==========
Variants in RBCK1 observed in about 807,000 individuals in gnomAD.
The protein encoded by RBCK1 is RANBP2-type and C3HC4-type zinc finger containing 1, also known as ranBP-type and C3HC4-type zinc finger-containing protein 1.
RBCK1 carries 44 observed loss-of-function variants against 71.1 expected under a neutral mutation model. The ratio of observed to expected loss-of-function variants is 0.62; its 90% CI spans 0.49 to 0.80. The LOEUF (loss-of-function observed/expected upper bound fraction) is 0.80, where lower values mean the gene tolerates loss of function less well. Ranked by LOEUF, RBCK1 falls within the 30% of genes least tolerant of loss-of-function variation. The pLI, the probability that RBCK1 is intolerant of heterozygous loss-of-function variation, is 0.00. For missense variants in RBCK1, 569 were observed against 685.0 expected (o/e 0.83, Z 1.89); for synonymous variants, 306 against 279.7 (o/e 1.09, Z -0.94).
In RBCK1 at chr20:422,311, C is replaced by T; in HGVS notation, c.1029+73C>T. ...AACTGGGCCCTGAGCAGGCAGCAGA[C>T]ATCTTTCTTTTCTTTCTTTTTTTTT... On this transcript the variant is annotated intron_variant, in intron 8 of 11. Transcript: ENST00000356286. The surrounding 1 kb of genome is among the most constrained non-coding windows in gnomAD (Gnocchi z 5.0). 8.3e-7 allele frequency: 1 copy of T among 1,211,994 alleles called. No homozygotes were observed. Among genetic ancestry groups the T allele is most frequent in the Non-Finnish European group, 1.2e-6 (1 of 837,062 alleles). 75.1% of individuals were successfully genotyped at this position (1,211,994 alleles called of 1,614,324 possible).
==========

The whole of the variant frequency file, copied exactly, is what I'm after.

Variants in RBCK1 observed in about 807,000 individuals in gnomAD.
The protein encoded by RBCK1 is RANBP2-type and C3HC4-type zinc finger containing 1, also known as ranBP-type and C3HC4-type zinc finger-containing protein 1.
RBCK1 carries 44 observed loss-of-function variants against 71.1 expected under a neutral mutation model. The ratio of observed to expected loss-of-function variants is 0.62; its 90% CI spans 0.49 to 0.80. The LOEUF (loss-of-function observed/expected upper bound fraction) is 0.80, where lower values mean the gene tolerates loss of function less well. Ranked by LOEUF, RBCK1 falls within the 30% of genes least tolerant of loss-of-function variation. The pLI, the probability that RBCK1 is intolerant of heterozygous loss-of-function variation, is 0.00. For missense variants in RBCK1, 569 were observed against 685.0 expected (o/e 0.83, Z 1.89); for synonymous variants, 306 against 279.7 (o/e 1.09, Z -0.94).
In RBCK1 at chr20:422,311, C is replaced by T; in HGVS notation, c.1029+73C>T. ...AACTGGGCCCTGAGCAGGCAGCAGA[C>T]ATCTTTCTTTTCTTTCTTTTTTTTT... On this transcript the variant is annotated intron_variant, in intron 8 of 11. Transcript: ENST00000356286. The surrounding 1 kb of genome is among the most constrained non-coding windows in gnomAD (Gnocchi z 5.0). 8.3e-7 allele frequency: 1 copy of T among 1,211,994 alleles called. No homozygotes were observed. Among genetic ancestry groups the T allele is most frequent in the Non-Finnish European group, 1.2e-6 (1 of 837,062 alleles). 75.1% of individuals were successfully genotyped at this position (1,211,994 alleles called of 1,614,324 possible).